NLT Study Bible Blog.
Isaiah 2:1-5 (Mosaic, Advent 1)
Isaiah envisions a future time when "the mountain of the LORD's house will be the highest of all" -- when people recognize God's rule and revere his name, when the nations listen to his instructions and do as he says. At that time, conflicts and wars will cease as "the LORD will mediate between nations and settle international disputes." Nations will be at peace with one another, not because their grievances have been suppressed, but because they have been resolved by the LORD.

Isaiah calls this future time "the last days." "In the NT, [this expression] is used to refer to the period that began with the coming of the Lord Jesus (Heb 1:2) and more specifically to the period immediately preceding the end of the present age (2 Pet 3:3)" (NLTSB, note on Isa 2:2). Hebrews 1:2 refers to Jesus' first advent as "these final days" -- "These final days refers to the historical era inaugurated at Christ's coming (see Isa 2:2; Acts 2:17). Whereas the revelation of the OT era came in a wide variety of forms over time, God's ultimate revelation was given through his Son, Jesus" (NLTSB, note on Heb 1:2). 2 Peter 3:3 also talks about the last days, and the note comments, "Peter was not merely predicting an event in the future; he was speaking about his readers' situation. In the NT, the last days refers to the period from Jesus' first coming to his second coming (see Acts 2:17; Heb 1:2)" (NLTSB, note on 2 Pet 3:3).

The last days are "already, and not yet" -- just like everything else about our Christian hope. Jesus has come, and he has established his kingdom over earth, and he has instructed his students to teach everyone to obey him (Matt 28:18-20). At the same time, Jesus has not yet come again, and we long to see his kingdom established. When we read Isaiah's description of that future time when God's rule has spread over all the earth, it sounds like a far cry from our own time, and every other time in human history.

And so we wait for the coming of the LORD. Come, Lord Jesus, and establish your name as the highest name on earth. Come, Lord Jesus, and teach the nations to walk in your ways. Come, Lord Jesus, mediate between the nations and settle international (and local!) disputes.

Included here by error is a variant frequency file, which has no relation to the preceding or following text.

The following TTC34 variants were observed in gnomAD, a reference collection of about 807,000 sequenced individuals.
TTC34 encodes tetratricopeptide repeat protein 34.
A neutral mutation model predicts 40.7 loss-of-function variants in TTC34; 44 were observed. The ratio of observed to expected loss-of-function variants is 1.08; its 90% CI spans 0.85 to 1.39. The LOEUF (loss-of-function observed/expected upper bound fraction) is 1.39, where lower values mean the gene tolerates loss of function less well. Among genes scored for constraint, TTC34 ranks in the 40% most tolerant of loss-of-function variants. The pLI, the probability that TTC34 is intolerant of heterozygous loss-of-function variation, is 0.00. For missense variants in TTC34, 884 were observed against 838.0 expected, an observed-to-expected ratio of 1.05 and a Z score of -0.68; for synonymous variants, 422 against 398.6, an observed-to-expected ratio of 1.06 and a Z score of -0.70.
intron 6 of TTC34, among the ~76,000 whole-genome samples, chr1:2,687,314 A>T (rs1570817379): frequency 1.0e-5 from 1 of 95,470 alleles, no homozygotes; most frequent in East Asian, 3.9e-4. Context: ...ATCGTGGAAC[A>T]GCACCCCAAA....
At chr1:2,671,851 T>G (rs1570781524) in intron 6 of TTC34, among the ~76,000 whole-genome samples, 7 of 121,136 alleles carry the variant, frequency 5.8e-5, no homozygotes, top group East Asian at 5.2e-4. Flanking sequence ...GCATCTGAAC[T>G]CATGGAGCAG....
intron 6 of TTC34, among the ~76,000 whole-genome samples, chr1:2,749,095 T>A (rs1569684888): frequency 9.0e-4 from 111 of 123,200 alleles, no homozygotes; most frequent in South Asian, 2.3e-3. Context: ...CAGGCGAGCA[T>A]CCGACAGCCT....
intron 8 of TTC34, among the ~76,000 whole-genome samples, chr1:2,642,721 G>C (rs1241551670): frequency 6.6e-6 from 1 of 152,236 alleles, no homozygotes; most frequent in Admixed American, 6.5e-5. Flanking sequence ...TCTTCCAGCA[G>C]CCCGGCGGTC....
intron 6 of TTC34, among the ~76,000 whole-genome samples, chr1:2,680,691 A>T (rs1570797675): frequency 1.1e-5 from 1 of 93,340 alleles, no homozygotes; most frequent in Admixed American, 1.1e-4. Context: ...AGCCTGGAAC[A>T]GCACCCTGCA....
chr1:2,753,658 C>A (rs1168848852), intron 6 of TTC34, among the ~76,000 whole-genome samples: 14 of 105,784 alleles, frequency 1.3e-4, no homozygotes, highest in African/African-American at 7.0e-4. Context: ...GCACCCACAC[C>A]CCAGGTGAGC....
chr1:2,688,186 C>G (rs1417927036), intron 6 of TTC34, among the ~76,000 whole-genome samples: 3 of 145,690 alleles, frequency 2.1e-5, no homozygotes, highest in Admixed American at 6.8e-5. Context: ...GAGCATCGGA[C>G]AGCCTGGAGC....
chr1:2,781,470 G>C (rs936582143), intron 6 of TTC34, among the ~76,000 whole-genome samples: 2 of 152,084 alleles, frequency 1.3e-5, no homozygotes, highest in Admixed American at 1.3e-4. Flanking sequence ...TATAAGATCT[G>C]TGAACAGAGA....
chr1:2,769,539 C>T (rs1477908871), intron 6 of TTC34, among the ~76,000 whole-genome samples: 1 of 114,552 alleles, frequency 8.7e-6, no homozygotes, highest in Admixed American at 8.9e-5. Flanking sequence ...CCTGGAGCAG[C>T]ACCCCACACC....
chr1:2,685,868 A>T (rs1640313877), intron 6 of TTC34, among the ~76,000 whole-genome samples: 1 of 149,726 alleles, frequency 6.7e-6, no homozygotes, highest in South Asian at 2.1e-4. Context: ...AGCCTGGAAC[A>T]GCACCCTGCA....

In the meantime, as Isaiah urges, "Come, descendants of Jacob" -- and all who wait for the Lord -- "let us walk in the light of the LORD!" (Isa 2:5).

Labels: , ,

posted by Sean Harrison at 7:00 AM
0 Comments Links to this post
Advent Mosaic
This fall saw the launch of Holy Bible: Mosaic, an innovative new devotional Bible. The weekly Scripture readings are based on the Revised Common Lectionary, and are accompanied by devotional reflections and artwork from every century of the Christian church, every continent, and every major Christian tradition. It is a feast for the eyes and the spirit.

Earlier this week I returned from a week at the Evangelical Theological Society and Society for Biblical Literature annual meetings in New Orleans. While there, we handed out several hundred Mosaic Devotions for Advent (along with several hundred cards advertising NLTinterlinear.com). The response to Mosaic was very strong and very favorable.

During the four weeks of the Advent season, I plan to post five posts per week based on the Scripture readings and meditative focus of each week in Holy Bible: Mosaic and Devotions for Advent. The focus of the first week is "Longing," and the first post on Isa. 2:1-5 will be published this coming Monday morning.

I invite you to read through Devotions for Advent with me and join me in discussing these Scripture readings and the devotional reflections from Mosaic.

Labels: ,

posted by Sean Harrison at 12:06 PM
2 Comments Links to this post
NLTinterlinear.com, Day Two
We had a stunning first day out of the gate with NLTinterlinear.com. At least, I was stunned, and so was the server. We got so much traffic that our server couldn't take the load, and died a bloody, memory-swapping death. A friend commented: "I heard that your server crashed and you need ... to point to new servers. First off congratulations, since your site is popular enough to crash the servers! :-)".

So, we stayed up late, got up early, and have now moved the site to another, more robust location. Ah, growing pains! It's a good kind of pain.

Thank you to everyone who has expressed interest in and enthusiasm for the new site. Here are some of the comments that we have already received:
  • "I haven't used this extensively yet, but the functions you've included seem incredibly useful. I can't wait to recommend it to the teachers and leaders of our church. . . . And will you have Hebrew tools available soon? Thanks for developing this great resource!"